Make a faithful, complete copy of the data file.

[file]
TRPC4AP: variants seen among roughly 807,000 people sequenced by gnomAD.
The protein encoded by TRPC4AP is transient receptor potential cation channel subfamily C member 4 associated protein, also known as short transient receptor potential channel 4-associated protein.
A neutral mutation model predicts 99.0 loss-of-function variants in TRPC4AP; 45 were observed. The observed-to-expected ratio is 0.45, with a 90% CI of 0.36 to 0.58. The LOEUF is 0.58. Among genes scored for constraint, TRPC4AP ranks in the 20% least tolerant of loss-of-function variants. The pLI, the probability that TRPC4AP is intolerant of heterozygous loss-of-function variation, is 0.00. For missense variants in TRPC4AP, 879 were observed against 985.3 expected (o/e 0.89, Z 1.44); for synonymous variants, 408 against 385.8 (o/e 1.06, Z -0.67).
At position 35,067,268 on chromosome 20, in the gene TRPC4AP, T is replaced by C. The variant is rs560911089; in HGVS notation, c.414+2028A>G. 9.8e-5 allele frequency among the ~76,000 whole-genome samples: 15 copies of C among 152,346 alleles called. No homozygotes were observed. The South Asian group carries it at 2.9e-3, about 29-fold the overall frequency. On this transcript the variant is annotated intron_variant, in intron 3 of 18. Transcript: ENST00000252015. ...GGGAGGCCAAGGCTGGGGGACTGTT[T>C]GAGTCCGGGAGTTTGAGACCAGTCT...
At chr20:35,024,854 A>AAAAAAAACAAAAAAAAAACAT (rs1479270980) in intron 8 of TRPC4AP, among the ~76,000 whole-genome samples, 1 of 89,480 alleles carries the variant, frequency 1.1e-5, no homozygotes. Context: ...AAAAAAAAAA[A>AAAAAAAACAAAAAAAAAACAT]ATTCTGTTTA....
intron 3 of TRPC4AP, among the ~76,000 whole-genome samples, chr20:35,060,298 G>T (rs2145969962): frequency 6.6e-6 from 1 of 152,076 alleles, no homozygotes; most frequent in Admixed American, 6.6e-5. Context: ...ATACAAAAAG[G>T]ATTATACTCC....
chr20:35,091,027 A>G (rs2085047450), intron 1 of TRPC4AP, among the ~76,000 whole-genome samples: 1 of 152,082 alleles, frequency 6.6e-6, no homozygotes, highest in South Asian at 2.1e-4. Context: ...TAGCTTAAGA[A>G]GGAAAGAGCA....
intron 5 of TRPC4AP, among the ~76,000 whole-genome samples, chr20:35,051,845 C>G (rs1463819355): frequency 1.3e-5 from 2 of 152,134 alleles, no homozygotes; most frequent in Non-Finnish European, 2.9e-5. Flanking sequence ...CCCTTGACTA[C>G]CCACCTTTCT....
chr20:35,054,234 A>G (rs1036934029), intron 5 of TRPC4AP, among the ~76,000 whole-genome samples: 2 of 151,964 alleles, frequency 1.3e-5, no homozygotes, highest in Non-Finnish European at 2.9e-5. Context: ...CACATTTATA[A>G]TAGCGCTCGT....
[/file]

TRPC4AP: variants seen among roughly 807,000 people sequenced by gnomAD.
The protein encoded by TRPC4AP is transient receptor potential cation channel subfamily C member 4 associated protein, also known as short transient receptor potential channel 4-associated protein.
A neutral mutation model predicts 99.0 loss-of-function variants in TRPC4AP; 45 were observed. The observed-to-expected ratio is 0.45, with a 90% CI of 0.36 to 0.58. The LOEUF is 0.58. Among genes scored for constraint, TRPC4AP ranks in the 20% least tolerant of loss-of-function variants. The pLI, the probability that TRPC4AP is intolerant of heterozygous loss-of-function variation, is 0.00. For missense variants in TRPC4AP, 879 were observed against 985.3 expected (o/e 0.89, Z 1.44); for synonymous variants, 408 against 385.8 (o/e 1.06, Z -0.67).
At position 35,067,268 on chromosome 20, in the gene TRPC4AP, T is replaced by C. The variant is rs560911089; in HGVS notation, c.414+2028A>G. 9.8e-5 allele frequency among the ~76,000 whole-genome samples: 15 copies of C among 152,346 alleles called. No homozygotes were observed. The South Asian group carries it at 2.9e-3, about 29-fold the overall frequency. On this transcript the variant is annotated intron_variant, in intron 3 of 18. Transcript: ENST00000252015. ...GGGAGGCCAAGGCTGGGGGACTGTT[T>C]GAGTCCGGGAGTTTGAGACCAGTCT...
At chr20:35,024,854 A>AAAAAAAACAAAAAAAAAACAT (rs1479270980) in intron 8 of TRPC4AP, among the ~76,000 whole-genome samples, 1 of 89,480 alleles carries the variant, frequency 1.1e-5, no homozygotes. Context: ...AAAAAAAAAA[A>AAAAAAAACAAAAAAAAAACAT]ATTCTGTTTA....
intron 3 of TRPC4AP, among the ~76,000 whole-genome samples, chr20:35,060,298 G>T (rs2145969962): frequency 6.6e-6 from 1 of 152,076 alleles, no homozygotes; most frequent in Admixed American, 6.6e-5. Context: ...ATACAAAAAG[G>T]ATTATACTCC....
chr20:35,091,027 A>G (rs2085047450), intron 1 of TRPC4AP, among the ~76,000 whole-genome samples: 1 of 152,082 alleles, frequency 6.6e-6, no homozygotes, highest in South Asian at 2.1e-4. Context: ...TAGCTTAAGA[A>G]GGAAAGAGCA....
intron 5 of TRPC4AP, among the ~76,000 whole-genome samples, chr20:35,051,845 C>G (rs1463819355): frequency 1.3e-5 from 2 of 152,134 alleles, no homozygotes; most frequent in Non-Finnish European, 2.9e-5. Flanking sequence ...CCCTTGACTA[C>G]CCACCTTTCT....
chr20:35,054,234 A>G (rs1036934029), intron 5 of TRPC4AP, among the ~76,000 whole-genome samples: 2 of 151,964 alleles, frequency 1.3e-5, no homozygotes, highest in Non-Finnish European at 2.9e-5. Context: ...CACATTTATA[A>G]TAGCGCTCGT....